“It’s a way of healing the fractured conversation [about Israel] at the local level,” IAN director Ethan Felson told Haaretz.
Some of the rabbi-minister pairs travel with IAN to Israel and Palestinian-controlled territory. The first such trip was in March 2015.
“It took a lot of us by surprise that JFNA had a policy of not going into the West Bank. It seemed anachronistic,” said Felson. And, while Americans can hear Palestinians and Israelis speak in synagogues and churches around the U.S. from groups like the Parents Circle, which brings together people whose children have died as a consequence of the occupation, it is a totally different experience meeting them on their own land, he added.
“A Jew living in the West Bank will stand on a field and say ‘this is the land where Abraham lived.’ And a Palestinian will say ‘this land is my family’s farm.’ It changes the dynamic to say ‘this tent is where women from the Palestinian village and the Jewish settlement meet,’” he said. “You have to touch it. It’s the core of the conversation we want people to have if we want them to be peace builders.”
The IAN trip will visit Ramallah, Rawabi and Bethlehem, and meet with Palestinian leaders, as well as Jewish leaders in Israeli communities, said Felson.
In 2002 JFNA’s predecessor agency, called UJC, changed its policy to permit funding to Jewish communities in distress over the Green Line. The move, which occurred in the aftermath of terror attacks there, was quite controversial.
Some are now concerned that the shift in policy means that JFNA-run or organized missions will begin visiting Jewish settlements in the West Bank.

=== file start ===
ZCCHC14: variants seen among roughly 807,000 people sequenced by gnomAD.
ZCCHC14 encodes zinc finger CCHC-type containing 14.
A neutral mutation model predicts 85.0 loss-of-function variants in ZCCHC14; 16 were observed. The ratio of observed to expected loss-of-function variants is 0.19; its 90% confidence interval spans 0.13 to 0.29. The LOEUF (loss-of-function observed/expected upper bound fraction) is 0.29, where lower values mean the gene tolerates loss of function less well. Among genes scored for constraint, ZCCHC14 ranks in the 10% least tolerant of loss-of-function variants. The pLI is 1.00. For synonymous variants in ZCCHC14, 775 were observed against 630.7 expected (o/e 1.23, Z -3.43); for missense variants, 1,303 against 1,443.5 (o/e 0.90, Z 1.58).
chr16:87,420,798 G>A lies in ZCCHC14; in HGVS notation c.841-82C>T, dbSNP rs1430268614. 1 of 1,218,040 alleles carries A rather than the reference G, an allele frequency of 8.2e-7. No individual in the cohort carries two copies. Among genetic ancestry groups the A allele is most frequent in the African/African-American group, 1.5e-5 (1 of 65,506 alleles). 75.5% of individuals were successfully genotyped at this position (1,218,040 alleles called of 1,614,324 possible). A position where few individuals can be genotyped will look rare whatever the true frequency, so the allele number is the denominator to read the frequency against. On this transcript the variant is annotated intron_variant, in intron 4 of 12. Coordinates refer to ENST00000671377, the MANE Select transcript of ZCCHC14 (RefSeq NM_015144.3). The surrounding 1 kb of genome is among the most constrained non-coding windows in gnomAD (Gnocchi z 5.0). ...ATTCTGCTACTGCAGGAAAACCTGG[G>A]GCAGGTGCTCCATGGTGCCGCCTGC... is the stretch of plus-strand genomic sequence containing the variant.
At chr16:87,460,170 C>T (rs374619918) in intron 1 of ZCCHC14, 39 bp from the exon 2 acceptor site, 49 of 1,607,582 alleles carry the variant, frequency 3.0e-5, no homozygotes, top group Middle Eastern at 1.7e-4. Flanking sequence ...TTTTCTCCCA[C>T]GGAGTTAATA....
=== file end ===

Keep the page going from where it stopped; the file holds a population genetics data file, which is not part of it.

The change in policy “is pretty shocking, because historically the Jewish organizations or federations themselves have so frequently had to defend their practice of not allocating resources beyond the Green Line and facing withering criticism whenever the Jewish National Fund or World Zionist Organization would expend funds to benefit the settlements,” said Richard Wexler, the former chairman of a part of JFNA’s predecessor organization.
Now a non-voting board member of JFNA, Wexler is known as a vocal critic of many JFNA endeavors. Speaking to Haaretz, Wexler said that “I imagine the criticism from the significant liberal element within the Jewish community will be very strong. Many will think this is some tacit recognition of the settlements.”
Rabbi Jill Jacobs is one of them. Jacobs, executive director of T’ruah: The Rabbinic Call for Human Rights, recently ran a successful campaign compelling the JNF to disclose how much of the money it raises goes to fund projects over the Green Line.
“If a JFNA group visits Ariel and doesn’t also have the opportunity to visit Palestinians, that’s very much a missed opportunity,” Jacobs told Haaretz.
“When you visit the settlements it’s important to say they are settlements,” said Jacobs. “It would be a problem to visit Ariel and not mention that it is in an area under military occupation, and the impact on Palestinians, how Ariel’s location is a major challenge for the two-state solution, and the differences in the way Israel provides infrastructure.”
She offered to make sure that JFNA delegations see the whole picture when they visit over the Green Line.
“T’ruah has a program to bring Jewish groups to Palestinian communities together with Breaking the Silence. I would be very happy to organize a trip like that for any JFNA group that wants to go to see the impact on Palestinians and also Israeli soldiers who risk their lives to defend the occupation.”